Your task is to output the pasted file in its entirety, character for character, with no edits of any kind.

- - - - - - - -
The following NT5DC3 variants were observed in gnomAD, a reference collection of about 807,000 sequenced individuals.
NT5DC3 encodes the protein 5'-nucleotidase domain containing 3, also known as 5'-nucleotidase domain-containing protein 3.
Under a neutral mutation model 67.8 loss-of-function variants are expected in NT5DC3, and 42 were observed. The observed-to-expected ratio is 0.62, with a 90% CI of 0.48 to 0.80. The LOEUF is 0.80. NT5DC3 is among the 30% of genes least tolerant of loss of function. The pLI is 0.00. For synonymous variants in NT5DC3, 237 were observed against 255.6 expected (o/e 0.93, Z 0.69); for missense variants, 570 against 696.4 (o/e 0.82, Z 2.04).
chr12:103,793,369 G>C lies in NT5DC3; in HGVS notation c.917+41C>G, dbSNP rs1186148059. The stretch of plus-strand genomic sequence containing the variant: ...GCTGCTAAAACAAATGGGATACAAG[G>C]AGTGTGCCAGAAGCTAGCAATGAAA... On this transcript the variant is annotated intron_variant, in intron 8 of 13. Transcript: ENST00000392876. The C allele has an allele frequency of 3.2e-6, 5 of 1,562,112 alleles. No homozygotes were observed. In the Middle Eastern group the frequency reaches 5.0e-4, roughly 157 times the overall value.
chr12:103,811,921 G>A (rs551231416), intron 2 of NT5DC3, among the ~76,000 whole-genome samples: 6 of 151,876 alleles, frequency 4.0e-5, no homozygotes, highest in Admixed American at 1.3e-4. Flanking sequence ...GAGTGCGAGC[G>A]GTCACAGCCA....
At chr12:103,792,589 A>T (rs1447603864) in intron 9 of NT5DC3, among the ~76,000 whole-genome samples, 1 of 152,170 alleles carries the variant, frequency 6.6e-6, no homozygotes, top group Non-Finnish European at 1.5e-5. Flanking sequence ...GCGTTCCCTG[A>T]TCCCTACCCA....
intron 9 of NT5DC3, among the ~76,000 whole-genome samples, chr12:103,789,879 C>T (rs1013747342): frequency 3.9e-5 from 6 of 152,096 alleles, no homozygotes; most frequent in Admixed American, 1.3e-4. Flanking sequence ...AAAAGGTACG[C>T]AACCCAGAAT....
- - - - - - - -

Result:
The following NT5DC3 variants were observed in gnomAD, a reference collection of about 807,000 sequenced individuals.
NT5DC3 encodes the protein 5'-nucleotidase domain containing 3, also known as 5'-nucleotidase domain-containing protein 3.
Under a neutral mutation model 67.8 loss-of-function variants are expected in NT5DC3, and 42 were observed. The observed-to-expected ratio is 0.62, with a 90% CI of 0.48 to 0.80. The LOEUF is 0.80. NT5DC3 is among the 30% of genes least tolerant of loss of function. The pLI is 0.00. For synonymous variants in NT5DC3, 237 were observed against 255.6 expected (o/e 0.93, Z 0.69); for missense variants, 570 against 696.4 (o/e 0.82, Z 2.04).
chr12:103,793,369 G>C lies in NT5DC3; in HGVS notation c.917+41C>G, dbSNP rs1186148059. The stretch of plus-strand genomic sequence containing the variant: ...GCTGCTAAAACAAATGGGATACAAG[G>C]AGTGTGCCAGAAGCTAGCAATGAAA... On this transcript the variant is annotated intron_variant, in intron 8 of 13. Transcript: ENST00000392876. The C allele has an allele frequency of 3.2e-6, 5 of 1,562,112 alleles. No homozygotes were observed. In the Middle Eastern group the frequency reaches 5.0e-4, roughly 157 times the overall value.
chr12:103,811,921 G>A (rs551231416), intron 2 of NT5DC3, among the ~76,000 whole-genome samples: 6 of 151,876 alleles, frequency 4.0e-5, no homozygotes, highest in Admixed American at 1.3e-4. Flanking sequence ...GAGTGCGAGC[G>A]GTCACAGCCA....
At chr12:103,792,589 A>T (rs1447603864) in intron 9 of NT5DC3, among the ~76,000 whole-genome samples, 1 of 152,170 alleles carries the variant, frequency 6.6e-6, no homozygotes, top group Non-Finnish European at 1.5e-5. Flanking sequence ...GCGTTCCCTG[A>T]TCCCTACCCA....
intron 9 of NT5DC3, among the ~76,000 whole-genome samples, chr12:103,789,879 C>T (rs1013747342): frequency 3.9e-5 from 6 of 152,096 alleles, no homozygotes; most frequent in Admixed American, 1.3e-4. Flanking sequence ...AAAAGGTACG[C>T]AACCCAGAAT....